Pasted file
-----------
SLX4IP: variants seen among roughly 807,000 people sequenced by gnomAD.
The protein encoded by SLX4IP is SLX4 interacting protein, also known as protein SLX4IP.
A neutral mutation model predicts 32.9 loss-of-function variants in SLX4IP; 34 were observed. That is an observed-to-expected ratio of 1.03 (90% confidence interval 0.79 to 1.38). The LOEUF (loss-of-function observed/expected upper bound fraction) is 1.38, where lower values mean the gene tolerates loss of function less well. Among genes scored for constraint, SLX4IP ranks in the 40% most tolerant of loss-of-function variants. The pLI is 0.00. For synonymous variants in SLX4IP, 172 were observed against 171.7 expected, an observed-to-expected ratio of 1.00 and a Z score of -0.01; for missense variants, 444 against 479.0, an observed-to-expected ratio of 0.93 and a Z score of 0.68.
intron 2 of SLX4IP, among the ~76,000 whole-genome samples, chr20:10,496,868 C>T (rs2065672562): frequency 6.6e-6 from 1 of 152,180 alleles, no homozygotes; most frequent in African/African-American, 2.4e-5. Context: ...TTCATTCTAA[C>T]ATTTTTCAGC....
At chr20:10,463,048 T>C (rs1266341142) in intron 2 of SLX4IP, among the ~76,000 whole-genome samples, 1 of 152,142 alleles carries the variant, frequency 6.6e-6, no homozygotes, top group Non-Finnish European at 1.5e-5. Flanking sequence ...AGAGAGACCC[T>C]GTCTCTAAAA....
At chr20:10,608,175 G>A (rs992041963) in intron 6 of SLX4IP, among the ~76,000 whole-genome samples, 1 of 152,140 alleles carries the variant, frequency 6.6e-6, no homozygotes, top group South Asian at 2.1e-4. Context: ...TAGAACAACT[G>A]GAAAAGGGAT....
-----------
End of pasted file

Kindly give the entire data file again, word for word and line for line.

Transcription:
SLX4IP: variants seen among roughly 807,000 people sequenced by gnomAD.
The protein encoded by SLX4IP is SLX4 interacting protein, also known as protein SLX4IP.
A neutral mutation model predicts 32.9 loss-of-function variants in SLX4IP; 34 were observed. That is an observed-to-expected ratio of 1.03 (90% confidence interval 0.79 to 1.38). The LOEUF (loss-of-function observed/expected upper bound fraction) is 1.38, where lower values mean the gene tolerates loss of function less well. Among genes scored for constraint, SLX4IP ranks in the 40% most tolerant of loss-of-function variants. The pLI is 0.00. For synonymous variants in SLX4IP, 172 were observed against 171.7 expected, an observed-to-expected ratio of 1.00 and a Z score of -0.01; for missense variants, 444 against 479.0, an observed-to-expected ratio of 0.93 and a Z score of 0.68.
intron 2 of SLX4IP, among the ~76,000 whole-genome samples, chr20:10,496,868 C>T (rs2065672562): frequency 6.6e-6 from 1 of 152,180 alleles, no homozygotes; most frequent in African/African-American, 2.4e-5. Context: ...TTCATTCTAA[C>T]ATTTTTCAGC....
At chr20:10,463,048 T>C (rs1266341142) in intron 2 of SLX4IP, among the ~76,000 whole-genome samples, 1 of 152,142 alleles carries the variant, frequency 6.6e-6, no homozygotes, top group Non-Finnish European at 1.5e-5. Flanking sequence ...AGAGAGACCC[T>C]GTCTCTAAAA....
At chr20:10,608,175 G>A (rs992041963) in intron 6 of SLX4IP, among the ~76,000 whole-genome samples, 1 of 152,140 alleles carries the variant, frequency 6.6e-6, no homozygotes, top group South Asian at 2.1e-4. Context: ...TAGAACAACT[G>A]GAAAAGGGAT....